What looks abnormal or heroic or weird from the outside usually looks normal, maybe even inevitable, from the inside. On May 5, 1971, a friend and I left the Georgetown University campus and headed down to the Capitol. We were both angry at the way D.C., U.S., and university authorities had responded to the Mayday demonstrations -- around 7,000 people had been arrested the first day, mainly for congregating in groups of more than two, and by the end of the week the number would be something like 13,400 -- and we had heard that there was going to be a protest rally on the Capitol steps. Neither of us intended to get arrested. Not only were we in the middle of finals, we were involved in feeding and housing demonstrators on campus. The couple thousand or so people who rallied at the Capitol were angry but orderly. Four congressmen -- Dellums, Abzug, Rangel, and Mitchell, bless 'em all -- came out to address us. Then, for reasons known only to their leaders, the police decided that it was no longer lawful (a variety of normal) to sit on the Capitol steps, even though we were there at the invitation of the congressmen and were listening to them speak. In a very few, fast-flowing minutes my idea of what was normal, expected, and acceptable underwent a sea-change. I crossed the line that separated lawful from unlawful; not only that, I grabbed my friend's hand and pulled him along with me. By that point what I did wasn't extraordinary at all; it was the normal, expected, and acceptable thing to do.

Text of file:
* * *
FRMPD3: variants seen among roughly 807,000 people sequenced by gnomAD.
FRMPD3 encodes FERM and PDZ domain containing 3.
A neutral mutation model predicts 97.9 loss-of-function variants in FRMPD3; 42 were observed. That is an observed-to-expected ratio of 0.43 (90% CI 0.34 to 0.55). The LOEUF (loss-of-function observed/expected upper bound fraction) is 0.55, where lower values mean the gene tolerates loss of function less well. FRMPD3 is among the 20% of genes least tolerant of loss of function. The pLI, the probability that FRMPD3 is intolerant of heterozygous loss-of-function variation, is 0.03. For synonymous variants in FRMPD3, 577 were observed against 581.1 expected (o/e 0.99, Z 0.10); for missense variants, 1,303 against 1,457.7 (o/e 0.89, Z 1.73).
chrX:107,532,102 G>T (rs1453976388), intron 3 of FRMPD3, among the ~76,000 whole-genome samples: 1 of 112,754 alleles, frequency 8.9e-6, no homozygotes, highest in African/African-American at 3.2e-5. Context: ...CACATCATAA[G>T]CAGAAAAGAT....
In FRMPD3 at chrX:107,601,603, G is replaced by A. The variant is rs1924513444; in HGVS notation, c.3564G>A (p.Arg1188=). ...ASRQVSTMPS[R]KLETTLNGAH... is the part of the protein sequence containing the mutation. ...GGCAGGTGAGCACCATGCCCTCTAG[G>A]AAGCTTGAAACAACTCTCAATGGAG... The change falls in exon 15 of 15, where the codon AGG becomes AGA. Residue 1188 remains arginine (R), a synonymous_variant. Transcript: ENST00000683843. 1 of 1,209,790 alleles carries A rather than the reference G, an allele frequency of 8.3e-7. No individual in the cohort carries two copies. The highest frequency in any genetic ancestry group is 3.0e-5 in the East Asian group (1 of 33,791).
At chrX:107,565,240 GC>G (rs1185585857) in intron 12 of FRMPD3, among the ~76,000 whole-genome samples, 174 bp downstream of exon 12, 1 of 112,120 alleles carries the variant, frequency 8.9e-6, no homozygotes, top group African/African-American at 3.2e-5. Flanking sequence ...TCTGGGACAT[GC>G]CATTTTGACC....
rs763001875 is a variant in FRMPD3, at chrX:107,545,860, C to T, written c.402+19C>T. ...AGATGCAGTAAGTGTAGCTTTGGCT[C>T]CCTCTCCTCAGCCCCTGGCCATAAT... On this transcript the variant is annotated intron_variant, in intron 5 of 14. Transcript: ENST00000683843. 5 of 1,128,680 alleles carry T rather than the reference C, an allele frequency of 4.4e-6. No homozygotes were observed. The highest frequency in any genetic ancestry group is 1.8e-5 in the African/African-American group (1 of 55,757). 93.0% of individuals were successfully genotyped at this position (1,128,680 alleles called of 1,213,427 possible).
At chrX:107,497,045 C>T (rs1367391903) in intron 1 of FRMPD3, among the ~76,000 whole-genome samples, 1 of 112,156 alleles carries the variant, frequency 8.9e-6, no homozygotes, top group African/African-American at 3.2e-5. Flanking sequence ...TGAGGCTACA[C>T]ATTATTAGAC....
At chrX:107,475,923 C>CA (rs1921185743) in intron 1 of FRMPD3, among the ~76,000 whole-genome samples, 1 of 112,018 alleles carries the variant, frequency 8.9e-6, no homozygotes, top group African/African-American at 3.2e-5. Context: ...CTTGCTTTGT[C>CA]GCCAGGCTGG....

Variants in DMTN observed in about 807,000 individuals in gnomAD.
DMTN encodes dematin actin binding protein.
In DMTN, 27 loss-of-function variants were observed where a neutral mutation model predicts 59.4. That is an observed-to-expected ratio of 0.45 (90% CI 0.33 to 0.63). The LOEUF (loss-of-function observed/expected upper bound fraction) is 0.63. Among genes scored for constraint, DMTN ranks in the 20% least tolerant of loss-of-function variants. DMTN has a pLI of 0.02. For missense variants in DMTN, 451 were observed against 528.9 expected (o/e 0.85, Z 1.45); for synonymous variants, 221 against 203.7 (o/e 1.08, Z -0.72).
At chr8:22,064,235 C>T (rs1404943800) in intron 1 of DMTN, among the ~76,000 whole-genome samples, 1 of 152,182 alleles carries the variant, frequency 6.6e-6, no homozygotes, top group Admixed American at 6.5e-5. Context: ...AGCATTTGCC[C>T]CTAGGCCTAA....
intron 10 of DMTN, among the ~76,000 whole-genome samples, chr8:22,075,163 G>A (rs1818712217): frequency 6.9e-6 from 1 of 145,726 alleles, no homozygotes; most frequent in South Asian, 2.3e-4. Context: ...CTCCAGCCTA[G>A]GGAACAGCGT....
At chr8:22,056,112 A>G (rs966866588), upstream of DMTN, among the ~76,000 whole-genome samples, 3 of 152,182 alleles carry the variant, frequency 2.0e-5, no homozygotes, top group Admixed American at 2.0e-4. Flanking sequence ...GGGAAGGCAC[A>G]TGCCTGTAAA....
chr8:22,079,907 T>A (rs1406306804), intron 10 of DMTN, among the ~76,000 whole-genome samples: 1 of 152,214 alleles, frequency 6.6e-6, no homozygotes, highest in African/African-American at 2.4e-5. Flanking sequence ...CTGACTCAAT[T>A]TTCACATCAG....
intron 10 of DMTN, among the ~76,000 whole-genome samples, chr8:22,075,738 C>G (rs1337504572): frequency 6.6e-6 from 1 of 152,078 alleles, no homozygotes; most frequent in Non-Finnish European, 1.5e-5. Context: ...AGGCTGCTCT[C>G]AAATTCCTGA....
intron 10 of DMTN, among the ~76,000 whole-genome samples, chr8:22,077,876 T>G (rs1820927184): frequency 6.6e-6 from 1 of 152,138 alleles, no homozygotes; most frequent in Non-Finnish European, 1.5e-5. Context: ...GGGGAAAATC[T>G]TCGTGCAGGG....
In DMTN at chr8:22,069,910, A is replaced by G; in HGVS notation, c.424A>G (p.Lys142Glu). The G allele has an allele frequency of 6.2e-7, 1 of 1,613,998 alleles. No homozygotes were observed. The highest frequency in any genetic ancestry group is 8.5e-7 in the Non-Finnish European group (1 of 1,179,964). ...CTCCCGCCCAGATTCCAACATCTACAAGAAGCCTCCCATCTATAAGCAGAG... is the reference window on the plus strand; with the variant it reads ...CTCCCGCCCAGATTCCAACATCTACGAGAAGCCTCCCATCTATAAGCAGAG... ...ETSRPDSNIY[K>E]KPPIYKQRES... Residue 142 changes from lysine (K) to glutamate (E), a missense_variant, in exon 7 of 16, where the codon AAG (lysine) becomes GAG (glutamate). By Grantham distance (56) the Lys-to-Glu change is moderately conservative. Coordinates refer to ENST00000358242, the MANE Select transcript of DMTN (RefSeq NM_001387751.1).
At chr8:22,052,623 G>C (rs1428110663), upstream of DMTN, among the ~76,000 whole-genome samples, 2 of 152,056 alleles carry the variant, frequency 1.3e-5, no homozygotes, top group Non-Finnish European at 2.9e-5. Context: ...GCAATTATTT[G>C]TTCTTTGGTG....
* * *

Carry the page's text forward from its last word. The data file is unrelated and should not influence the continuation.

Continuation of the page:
The civil rights movement became powerful as it became normal. Isolated individuals advocating civil rights for black people could be, and generally were, run out of town, or intimidated, or killed, or otherwise silenced. But when individuals banded together in groups, organizations, a whole movement, they could challenge the old norms and eventually sweep them away. Once nightriding and cross-burning was normal. Now these are the acts of isolated individuals, or isolated groups too small to do more than very local damage.
This is the key to organizing. It's why leadership is important: leaders can't change the norms singlehandedly, but they can make it safer for the rest of us to come out of the woodwork. "Human nature" is a red herring. Who cares if you can't change human nature? If humans have a natural inclination, it's to do what's normal. Working together we can change the norms.